On developing the criminal justice system

The UK. working with the UN, has set up and completed the first phase of training and mentoring of the Counter-narcotics Criminal Justice Task Force of investigators, prosecutors and judges. The task force will be 80 strong by mid-2005. We have also funded UNODC (nearly $2 million) to establish a secure court and prison facility for counter-narcotics.

On eradication of the opium crop

This will be carried out in 2005 by the US-supported Central Poppy Eradication Force (CPEF) and by governors and police chiefs at local level. The UK is working closely in both these areas and has established a planning and monitoring cell to ensure that eradication by CPEF is targeted in a way which takes account of alternative livelihoods. We are also helping CPEF with salaries and equipment and are the major donor for verification and assessment of the eradication campaign to ensure it is carried out: over $1 million to establish 30 ground-based verification teams (240 people) and satellite imagery. The first 15 verification teams should produce preliminary results by March.

On building the institutions necessary to support long-term Afghan commitment

The UK is helping to build central and provincial capacity in a number of key government institutions, including the new Counter-narcotics (CN) Ministry under Minister Qaderi, the counter-narcotics function within the Ministry of the Interior, the Rural Reconstruction Ministry, the Office of the National Security Adviser, the Civil Service Commission and the Cabinet Secretariat.

On lobbying

My right honourable friends the Foreign Secretary and the development Secretary have now launched a substantial lobbying campaign to encourage international partners, including the G8, the EU, the US, neighbouring countries of Afghanistan and other Berlin conference participants, to support the plan and help establish the new Counter-narcotics Trust Fund. The aim of this fund will be to pull together donor support for the Afghan Government's counter-narcotics priorities. The April 2005 Afghan Development Forum will be an important opportunity for the Afghan Government to seek additional support for alternative livelihoods.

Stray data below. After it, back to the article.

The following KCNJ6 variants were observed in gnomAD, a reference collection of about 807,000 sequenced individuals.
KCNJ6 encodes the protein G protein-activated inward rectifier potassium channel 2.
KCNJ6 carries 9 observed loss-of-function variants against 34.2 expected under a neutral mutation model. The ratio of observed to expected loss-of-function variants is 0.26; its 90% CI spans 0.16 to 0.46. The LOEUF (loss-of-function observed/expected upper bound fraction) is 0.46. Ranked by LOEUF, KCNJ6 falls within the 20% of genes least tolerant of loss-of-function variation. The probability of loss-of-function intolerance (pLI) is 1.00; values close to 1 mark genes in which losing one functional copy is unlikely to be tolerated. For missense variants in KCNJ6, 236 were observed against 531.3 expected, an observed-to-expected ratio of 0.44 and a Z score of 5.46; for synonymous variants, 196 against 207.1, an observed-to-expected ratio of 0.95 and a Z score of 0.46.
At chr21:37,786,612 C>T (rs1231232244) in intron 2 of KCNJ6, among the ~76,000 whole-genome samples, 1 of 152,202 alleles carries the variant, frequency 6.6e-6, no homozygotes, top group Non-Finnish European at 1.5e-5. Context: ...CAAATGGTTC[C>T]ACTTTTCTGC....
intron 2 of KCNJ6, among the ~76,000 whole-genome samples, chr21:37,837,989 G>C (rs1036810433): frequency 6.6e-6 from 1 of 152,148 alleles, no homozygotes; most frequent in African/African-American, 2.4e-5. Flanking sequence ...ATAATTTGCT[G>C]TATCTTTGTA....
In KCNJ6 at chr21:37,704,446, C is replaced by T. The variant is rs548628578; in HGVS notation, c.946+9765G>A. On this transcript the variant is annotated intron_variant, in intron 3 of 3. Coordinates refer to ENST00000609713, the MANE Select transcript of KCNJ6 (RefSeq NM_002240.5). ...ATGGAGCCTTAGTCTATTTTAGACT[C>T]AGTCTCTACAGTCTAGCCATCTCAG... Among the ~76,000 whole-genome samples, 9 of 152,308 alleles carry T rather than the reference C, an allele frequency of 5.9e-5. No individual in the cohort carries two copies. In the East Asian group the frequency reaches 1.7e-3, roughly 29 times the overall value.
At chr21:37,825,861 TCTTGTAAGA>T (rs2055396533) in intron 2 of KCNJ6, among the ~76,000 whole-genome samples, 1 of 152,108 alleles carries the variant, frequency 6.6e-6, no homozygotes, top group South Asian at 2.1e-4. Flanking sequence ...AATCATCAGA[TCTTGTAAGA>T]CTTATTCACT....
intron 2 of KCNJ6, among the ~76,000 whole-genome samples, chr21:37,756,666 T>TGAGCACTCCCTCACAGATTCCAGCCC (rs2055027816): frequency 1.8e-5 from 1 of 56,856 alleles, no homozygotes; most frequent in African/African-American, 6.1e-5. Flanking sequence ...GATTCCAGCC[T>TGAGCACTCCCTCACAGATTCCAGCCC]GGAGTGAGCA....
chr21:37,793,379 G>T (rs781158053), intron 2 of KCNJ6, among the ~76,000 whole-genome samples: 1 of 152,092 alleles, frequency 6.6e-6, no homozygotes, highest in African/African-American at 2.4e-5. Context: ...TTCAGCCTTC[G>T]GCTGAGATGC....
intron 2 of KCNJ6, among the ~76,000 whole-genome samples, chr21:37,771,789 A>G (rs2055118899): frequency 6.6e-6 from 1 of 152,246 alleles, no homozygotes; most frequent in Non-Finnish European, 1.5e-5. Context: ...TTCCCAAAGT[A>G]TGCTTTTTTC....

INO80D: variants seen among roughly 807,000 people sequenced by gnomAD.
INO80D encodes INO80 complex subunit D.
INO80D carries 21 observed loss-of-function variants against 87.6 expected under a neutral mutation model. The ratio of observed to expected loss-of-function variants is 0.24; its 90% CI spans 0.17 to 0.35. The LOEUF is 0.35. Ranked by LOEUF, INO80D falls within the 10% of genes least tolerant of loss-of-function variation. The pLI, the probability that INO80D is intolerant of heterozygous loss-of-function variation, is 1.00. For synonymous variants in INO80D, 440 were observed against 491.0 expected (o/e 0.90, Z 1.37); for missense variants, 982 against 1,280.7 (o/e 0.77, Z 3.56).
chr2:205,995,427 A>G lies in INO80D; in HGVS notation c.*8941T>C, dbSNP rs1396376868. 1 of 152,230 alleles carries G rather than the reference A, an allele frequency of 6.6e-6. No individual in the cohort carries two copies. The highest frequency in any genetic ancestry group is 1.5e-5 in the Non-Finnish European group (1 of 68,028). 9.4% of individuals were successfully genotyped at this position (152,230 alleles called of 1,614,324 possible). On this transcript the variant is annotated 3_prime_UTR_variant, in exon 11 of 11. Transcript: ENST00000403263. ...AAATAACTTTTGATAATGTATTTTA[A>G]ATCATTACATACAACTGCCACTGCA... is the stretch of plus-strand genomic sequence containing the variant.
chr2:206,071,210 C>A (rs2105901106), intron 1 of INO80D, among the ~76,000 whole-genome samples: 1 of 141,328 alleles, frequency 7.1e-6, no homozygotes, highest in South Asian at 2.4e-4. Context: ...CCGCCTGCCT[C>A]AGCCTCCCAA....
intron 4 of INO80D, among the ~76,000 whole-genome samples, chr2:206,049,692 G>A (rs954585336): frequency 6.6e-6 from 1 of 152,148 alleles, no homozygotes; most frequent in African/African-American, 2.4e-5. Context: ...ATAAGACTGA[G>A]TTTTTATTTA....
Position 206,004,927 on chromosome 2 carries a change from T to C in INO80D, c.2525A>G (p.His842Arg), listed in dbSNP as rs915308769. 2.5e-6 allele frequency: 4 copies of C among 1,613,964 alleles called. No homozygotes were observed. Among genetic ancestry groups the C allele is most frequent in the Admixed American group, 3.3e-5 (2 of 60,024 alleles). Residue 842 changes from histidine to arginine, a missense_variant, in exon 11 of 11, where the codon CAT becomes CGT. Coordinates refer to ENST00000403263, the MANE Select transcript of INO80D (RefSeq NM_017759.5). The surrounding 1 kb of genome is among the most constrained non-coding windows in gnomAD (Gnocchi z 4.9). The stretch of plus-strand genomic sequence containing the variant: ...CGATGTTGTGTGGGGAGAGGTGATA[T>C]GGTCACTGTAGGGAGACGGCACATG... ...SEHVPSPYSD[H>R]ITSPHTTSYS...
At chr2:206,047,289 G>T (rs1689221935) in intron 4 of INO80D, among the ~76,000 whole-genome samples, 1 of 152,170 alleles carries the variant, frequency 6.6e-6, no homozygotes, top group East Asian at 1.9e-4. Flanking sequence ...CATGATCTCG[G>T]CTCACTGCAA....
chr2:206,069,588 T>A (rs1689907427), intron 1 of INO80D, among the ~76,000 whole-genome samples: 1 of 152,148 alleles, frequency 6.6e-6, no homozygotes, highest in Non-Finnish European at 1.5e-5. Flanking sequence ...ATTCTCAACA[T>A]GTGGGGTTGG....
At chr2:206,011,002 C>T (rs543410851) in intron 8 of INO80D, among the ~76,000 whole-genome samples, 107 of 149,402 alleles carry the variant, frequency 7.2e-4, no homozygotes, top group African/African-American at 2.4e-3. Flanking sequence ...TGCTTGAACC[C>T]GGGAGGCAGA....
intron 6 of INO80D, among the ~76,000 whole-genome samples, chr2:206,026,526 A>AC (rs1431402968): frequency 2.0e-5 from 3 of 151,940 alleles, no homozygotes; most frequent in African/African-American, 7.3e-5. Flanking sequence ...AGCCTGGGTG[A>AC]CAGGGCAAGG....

The UK is also working with Afghan and international partners:

to raise public awareness of the risks to Afghanistan of the drugs trade and the dangers to health from addiction associated with growing opium poppy through proactive and comprehensive information campaigns and drug treatment activities; and

to increase regional co-operation to tackle the drugs trade across borders through implementation of the April 2004 Berlin Declaration on Counter-narcotics within the framework of the Kabul Good Neighbourly Relations Declaration of December 2002. In 2004–05, the UK provided around $2.5 million of assistance to increase counter-narcotics capacity on Afghanistan's borders with Iran, Pakistan and Tajikistan, the three main routes for opiates being smuggled out of Afghanistan. Further such assistance is planned for financial year 2005–06.

My right honourable friend the Foreign Secretary (Mr Jack Straw) visited Kabul on 16 February, the day President Karzai launched the 2005 CN implementation plan. They agreed on the crucial importance of working together in support of the plan to mobilise international assistance so that narcotics do not destroy Afghanistan's potential for stability, reconstruction and a thriving licit economy. The 2005 plan therefore represents an important opportunity. We share the resolve of the Afghan Government to achieve the sustainable elimination of opium poppy cultivation in Afghanistan in 2005 and beyond.

Copies of the plan are being placed in the Library of the House.